Eee PC: better with Windows?
Eking out the power with XP
I have now installed Windows XP Pro on my Eee PC and while the unit's power consumption characteristics are slightly better than they were under the standard Linux installation, it's not as much of a gain as I'd hoped for.
Installing XP is straightforward. The Eee PC's manufacturer, Asus, provides the drivers you need on the DVD that comes with the micro-laptop, or you can download them from its website. That's what I did because my review unit didn't come with said DVD. It did come with the manual, however, and that has a comprehensive set of instructions to guide you through the process.
Asus' Eee PC: ships with Linux, but better with Windows XP?
A trip to Maplin later and I had a 40 quid external USB DVD writer to connect to the Eee PC. You have to adjust the laptop's BIOS to tell it you're installing an operating system and to start up from the DVD drive, but that's easy enough to do if you follow Asus' instructions. Then it's just a matter of letting Windows' set-up do its thing.
With XP in place, you can install the drivers from the DVD. I tripped up on one gotcha: fresh from the install, the Eee PC's Wi-Fi adaptor is turned off, so the Atheros software kept complaining that I didn't have a wireless adaptor installed. Just tap Fn+F2 to turn the radio on, and the software works exactly as it should.
Asus' instructions assume you'll be plugging a USB Flash drive or HDD into your Eee PC, but I chose instead to slot in a 4GB SanDisk SDHC memory card and use that. OK, you can't remove it afterwards - at least not while the machine's up and running - but I'd say it's a more convenient approach than having to carry Flash drive around too.
A basic 4GB SanDisk cards costs around £32/$55, but SanDisk has faster and/or more capacious options too, as do many other SDHC card makers.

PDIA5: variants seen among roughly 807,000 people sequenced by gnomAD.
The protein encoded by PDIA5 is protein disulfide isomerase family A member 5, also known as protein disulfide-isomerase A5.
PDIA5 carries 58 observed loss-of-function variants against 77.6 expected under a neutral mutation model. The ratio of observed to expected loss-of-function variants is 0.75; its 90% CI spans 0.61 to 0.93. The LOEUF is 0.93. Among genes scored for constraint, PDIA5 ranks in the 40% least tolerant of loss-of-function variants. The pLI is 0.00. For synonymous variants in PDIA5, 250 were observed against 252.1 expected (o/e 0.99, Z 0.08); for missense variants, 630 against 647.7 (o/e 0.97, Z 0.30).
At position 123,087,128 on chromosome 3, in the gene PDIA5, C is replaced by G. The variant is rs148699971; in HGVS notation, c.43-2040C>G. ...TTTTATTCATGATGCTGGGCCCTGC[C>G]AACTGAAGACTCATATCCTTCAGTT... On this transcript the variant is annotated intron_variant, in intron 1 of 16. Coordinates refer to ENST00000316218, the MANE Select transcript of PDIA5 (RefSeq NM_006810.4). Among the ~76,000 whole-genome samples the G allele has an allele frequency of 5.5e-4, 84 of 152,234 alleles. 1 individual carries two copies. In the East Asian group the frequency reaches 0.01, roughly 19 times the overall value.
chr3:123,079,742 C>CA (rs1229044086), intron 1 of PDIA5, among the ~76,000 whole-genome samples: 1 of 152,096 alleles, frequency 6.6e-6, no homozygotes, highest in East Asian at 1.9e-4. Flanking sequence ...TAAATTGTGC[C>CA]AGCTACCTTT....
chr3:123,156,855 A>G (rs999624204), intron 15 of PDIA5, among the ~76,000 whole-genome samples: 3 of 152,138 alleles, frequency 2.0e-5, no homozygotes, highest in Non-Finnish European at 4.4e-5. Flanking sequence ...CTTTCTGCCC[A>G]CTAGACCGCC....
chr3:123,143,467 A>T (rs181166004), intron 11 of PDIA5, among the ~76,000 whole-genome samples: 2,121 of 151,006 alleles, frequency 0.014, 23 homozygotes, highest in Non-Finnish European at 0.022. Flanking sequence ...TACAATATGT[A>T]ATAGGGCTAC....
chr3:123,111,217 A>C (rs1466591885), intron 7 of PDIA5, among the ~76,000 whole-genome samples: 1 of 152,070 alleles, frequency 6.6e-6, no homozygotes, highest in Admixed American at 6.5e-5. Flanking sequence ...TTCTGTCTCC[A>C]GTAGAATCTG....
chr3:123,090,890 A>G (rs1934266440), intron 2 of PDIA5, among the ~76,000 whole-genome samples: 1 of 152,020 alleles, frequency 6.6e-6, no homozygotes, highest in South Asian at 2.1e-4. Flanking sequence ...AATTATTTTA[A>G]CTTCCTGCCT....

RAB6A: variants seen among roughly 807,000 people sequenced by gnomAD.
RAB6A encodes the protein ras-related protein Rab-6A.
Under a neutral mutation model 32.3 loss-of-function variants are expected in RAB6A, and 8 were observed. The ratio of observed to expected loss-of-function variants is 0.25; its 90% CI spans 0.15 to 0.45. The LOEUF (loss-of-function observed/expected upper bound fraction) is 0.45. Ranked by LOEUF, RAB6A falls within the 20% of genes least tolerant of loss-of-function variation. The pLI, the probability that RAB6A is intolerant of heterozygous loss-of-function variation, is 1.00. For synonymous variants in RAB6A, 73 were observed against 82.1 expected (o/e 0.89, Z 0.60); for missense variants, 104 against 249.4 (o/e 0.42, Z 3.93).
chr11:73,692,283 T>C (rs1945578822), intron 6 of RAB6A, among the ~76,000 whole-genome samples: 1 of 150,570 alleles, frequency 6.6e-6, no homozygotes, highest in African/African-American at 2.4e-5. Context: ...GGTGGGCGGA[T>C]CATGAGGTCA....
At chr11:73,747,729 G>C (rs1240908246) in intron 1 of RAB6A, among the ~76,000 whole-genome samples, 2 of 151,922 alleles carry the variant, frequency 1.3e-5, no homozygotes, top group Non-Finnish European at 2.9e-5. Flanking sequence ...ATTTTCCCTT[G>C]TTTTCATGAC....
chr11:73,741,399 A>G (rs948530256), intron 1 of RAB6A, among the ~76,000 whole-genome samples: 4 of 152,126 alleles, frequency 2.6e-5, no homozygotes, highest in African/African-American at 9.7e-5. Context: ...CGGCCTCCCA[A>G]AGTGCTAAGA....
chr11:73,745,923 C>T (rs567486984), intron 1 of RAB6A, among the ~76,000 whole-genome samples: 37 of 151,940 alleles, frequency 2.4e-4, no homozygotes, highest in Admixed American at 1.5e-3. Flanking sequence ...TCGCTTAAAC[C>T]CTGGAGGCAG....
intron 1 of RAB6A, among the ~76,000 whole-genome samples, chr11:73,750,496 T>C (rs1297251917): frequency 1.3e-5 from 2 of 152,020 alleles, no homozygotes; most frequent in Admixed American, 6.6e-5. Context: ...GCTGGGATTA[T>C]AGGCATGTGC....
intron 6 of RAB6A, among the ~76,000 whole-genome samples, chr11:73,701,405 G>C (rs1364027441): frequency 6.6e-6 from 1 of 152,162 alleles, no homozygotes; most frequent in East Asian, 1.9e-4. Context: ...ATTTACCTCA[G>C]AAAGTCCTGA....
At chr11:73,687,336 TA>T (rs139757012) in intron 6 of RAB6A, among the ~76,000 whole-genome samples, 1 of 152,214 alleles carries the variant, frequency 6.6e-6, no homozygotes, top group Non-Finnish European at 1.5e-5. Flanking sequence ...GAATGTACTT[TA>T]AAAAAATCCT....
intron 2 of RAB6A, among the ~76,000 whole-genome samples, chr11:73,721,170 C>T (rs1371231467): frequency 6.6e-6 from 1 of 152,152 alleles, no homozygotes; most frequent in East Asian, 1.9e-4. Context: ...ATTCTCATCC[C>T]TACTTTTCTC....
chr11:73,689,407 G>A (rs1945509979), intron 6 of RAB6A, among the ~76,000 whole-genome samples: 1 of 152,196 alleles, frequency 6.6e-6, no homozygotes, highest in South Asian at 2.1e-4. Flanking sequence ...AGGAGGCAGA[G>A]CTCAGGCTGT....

Why use one at all? Firstly, a standard Windows install will fill up a good portion of the Eee PC's 4GB solid-state drive. With a little pruning, you can get XP into 2.5GB - there's a way to reduce it even further, which I'll talk about later - leaving 1.5GB for apps and data.
Secondly, Windows writes many more files to the drive than Linux apparently does, and a lot of Eee PC users are understandably worried that that will significantly reduce the longevity of the SSD. Yes, Flash memory cells can only be written to a limited (but large) number of times, but modern Flash controllers are able to work around this by juggling writes to minimise the number of times a given cell is written to. The upshot is that the SSD should last as long as the laptop does.
Still, why risk it when you can make use of removable storage that, unlike the SSD, is easy to replace? To make the most of the SDHC, you have to tell Windows to keep your My Documents folder, its own Temporary Internet Items space and the virtual memory file on the card. Asus' instructions show you how to do this, but EeeUser.com has a clearer guide here.
Incidentally, for folk keen to keep the Linux distro, EeeUser.com has a wealth of useful hints on improving its user experience, particularly handy if you have no Linux experience.
With Windows installed and optimised, I downloaded the Pidgin instant messaging app, Firefox and OpenOffice - so there's no need to stop using open source software altogether - and Skype, all of which run a treat, though the latter can't see the Eee PC's webcam because Asus has yet to provide a Windows driver for it.